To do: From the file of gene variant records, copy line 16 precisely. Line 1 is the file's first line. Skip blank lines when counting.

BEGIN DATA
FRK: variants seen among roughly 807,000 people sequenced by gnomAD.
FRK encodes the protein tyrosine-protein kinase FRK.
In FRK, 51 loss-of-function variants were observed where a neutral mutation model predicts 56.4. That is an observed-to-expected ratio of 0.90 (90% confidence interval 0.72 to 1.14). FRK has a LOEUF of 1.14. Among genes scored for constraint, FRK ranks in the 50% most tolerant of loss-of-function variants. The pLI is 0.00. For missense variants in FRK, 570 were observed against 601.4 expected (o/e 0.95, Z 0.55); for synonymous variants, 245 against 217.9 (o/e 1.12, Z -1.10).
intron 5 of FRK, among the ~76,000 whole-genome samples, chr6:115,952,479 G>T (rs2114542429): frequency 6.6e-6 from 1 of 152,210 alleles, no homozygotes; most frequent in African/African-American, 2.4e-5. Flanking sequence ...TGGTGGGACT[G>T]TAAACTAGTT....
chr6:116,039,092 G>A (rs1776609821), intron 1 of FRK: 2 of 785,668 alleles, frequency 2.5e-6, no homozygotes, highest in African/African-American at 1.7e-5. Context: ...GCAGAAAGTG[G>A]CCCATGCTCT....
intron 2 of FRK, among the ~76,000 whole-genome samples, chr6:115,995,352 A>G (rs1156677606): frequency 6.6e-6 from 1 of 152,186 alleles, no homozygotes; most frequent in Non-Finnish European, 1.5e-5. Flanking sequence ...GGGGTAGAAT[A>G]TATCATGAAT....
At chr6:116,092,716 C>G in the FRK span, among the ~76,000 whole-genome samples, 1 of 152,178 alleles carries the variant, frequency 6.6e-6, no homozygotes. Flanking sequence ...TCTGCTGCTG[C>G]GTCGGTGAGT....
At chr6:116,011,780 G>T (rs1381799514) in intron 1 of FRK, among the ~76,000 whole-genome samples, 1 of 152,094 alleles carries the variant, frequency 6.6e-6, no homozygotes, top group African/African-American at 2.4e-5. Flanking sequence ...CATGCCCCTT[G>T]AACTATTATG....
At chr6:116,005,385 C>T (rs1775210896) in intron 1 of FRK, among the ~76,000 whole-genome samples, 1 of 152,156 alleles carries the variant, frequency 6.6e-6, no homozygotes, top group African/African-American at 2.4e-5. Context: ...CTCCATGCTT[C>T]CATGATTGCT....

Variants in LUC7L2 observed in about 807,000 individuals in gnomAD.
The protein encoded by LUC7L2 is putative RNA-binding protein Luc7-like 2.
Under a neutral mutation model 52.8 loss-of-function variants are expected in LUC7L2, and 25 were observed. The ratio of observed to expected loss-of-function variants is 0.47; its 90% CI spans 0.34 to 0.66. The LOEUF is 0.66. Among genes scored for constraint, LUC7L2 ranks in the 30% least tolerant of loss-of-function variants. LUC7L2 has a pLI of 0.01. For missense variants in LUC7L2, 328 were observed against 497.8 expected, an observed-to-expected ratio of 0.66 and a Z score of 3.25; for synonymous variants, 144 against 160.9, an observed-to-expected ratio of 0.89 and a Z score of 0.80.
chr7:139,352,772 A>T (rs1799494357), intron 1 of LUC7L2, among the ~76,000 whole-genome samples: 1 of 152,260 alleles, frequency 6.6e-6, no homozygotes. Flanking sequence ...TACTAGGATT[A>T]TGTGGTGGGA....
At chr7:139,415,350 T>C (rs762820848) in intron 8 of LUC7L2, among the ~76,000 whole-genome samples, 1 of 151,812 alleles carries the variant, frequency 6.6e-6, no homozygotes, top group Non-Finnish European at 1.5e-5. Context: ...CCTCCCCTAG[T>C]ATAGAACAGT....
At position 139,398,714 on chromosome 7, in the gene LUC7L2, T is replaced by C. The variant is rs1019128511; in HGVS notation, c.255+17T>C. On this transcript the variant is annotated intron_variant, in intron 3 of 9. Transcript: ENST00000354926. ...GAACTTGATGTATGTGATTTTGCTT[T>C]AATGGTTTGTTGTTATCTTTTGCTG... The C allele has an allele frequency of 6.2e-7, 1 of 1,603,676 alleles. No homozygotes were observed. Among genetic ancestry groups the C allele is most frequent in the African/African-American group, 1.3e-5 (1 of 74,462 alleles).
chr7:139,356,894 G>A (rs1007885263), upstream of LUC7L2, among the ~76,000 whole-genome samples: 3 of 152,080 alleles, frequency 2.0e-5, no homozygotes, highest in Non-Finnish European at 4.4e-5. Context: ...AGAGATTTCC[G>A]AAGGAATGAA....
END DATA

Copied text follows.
chr7:139,356,894 G>A (rs1007885263), upstream of LUC7L2, among the ~76,000 whole-genome samples: 3 of 152,080 alleles, frequency 2.0e-5, no homozygotes, highest in Non-Finnish European at 4.4e-5. Context: ...AGAGATTTCC[G>A]AAGGAATGAA....